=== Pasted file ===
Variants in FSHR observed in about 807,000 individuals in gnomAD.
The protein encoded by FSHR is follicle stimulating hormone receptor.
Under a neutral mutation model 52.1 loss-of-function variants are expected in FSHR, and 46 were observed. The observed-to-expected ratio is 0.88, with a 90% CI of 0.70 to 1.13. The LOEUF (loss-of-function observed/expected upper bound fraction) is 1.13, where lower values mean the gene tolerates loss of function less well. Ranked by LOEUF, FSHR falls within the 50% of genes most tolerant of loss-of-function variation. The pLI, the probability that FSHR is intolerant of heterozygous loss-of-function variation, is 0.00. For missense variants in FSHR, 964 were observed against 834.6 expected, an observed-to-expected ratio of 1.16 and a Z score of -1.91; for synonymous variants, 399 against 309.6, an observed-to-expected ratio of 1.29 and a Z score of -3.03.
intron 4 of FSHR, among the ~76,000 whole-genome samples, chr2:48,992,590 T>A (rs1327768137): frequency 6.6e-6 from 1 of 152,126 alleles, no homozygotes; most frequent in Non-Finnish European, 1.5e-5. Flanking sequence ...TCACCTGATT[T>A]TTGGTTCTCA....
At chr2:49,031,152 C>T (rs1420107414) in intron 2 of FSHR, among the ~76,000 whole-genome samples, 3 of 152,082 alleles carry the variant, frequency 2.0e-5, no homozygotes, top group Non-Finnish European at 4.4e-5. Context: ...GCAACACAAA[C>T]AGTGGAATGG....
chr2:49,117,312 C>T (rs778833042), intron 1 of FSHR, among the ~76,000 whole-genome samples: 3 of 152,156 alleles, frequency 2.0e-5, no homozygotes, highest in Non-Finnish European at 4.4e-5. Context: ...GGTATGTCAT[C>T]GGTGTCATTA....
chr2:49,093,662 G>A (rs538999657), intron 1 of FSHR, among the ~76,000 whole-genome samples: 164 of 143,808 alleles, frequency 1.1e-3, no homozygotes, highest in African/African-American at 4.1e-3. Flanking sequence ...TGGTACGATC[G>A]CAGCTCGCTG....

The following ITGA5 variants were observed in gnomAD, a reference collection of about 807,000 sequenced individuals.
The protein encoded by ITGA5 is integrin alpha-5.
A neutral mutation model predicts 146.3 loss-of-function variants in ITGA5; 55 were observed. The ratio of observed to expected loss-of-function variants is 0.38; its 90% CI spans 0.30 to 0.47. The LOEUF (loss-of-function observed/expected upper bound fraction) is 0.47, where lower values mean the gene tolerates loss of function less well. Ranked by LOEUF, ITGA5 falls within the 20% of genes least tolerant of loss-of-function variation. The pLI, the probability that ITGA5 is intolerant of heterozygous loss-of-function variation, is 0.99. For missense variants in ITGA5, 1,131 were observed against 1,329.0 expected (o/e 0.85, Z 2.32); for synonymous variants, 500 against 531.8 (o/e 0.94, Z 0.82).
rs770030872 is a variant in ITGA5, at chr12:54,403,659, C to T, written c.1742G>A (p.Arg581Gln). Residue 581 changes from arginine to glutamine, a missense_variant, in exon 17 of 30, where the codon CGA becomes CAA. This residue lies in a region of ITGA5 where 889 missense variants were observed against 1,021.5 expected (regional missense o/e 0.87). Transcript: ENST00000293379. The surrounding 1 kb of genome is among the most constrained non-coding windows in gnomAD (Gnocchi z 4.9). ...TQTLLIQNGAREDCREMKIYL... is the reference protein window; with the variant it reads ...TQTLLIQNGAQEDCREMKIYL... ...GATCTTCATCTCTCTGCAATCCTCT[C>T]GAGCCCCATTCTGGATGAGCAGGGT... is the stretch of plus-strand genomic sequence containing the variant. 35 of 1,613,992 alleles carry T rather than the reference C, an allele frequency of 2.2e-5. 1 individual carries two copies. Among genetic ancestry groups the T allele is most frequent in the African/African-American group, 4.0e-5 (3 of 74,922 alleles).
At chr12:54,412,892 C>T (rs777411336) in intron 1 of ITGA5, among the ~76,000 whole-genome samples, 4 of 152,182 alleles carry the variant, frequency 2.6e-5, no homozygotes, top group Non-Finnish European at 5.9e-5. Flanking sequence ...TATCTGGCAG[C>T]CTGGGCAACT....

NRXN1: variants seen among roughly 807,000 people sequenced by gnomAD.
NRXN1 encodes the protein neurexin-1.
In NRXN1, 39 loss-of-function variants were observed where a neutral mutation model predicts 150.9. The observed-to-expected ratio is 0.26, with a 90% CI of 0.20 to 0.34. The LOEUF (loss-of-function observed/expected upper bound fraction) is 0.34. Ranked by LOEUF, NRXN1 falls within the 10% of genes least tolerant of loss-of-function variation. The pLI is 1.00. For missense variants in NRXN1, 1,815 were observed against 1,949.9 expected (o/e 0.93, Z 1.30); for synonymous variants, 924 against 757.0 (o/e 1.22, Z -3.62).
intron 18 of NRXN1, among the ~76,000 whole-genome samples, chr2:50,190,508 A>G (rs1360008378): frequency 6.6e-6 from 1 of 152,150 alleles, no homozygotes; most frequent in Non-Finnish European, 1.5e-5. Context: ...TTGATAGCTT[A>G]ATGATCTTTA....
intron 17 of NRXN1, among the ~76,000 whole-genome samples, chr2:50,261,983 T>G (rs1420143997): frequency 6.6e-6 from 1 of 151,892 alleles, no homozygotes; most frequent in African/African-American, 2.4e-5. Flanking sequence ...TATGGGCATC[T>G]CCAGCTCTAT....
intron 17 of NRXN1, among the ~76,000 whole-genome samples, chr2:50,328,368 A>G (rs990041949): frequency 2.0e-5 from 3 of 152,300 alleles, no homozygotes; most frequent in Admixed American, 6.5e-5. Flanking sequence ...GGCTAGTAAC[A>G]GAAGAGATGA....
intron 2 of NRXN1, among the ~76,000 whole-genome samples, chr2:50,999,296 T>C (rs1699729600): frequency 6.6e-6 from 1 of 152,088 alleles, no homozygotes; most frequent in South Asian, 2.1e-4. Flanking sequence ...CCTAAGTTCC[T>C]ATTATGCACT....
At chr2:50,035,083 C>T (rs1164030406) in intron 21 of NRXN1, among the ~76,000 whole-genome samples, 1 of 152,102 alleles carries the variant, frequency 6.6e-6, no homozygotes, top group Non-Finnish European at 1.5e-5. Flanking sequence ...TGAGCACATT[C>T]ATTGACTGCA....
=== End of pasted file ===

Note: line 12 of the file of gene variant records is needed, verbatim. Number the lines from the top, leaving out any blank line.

At chr12:54,412,892 C>T (rs777411336) in intron 1 of ITGA5, among the ~76,000 whole-genome samples, 4 of 152,182 alleles carry the variant, frequency 2.6e-5, no homozygotes, top group Non-Finnish European at 5.9e-5. Flanking sequence ...TATCTGGCAG[C>T]CTGGGCAACT....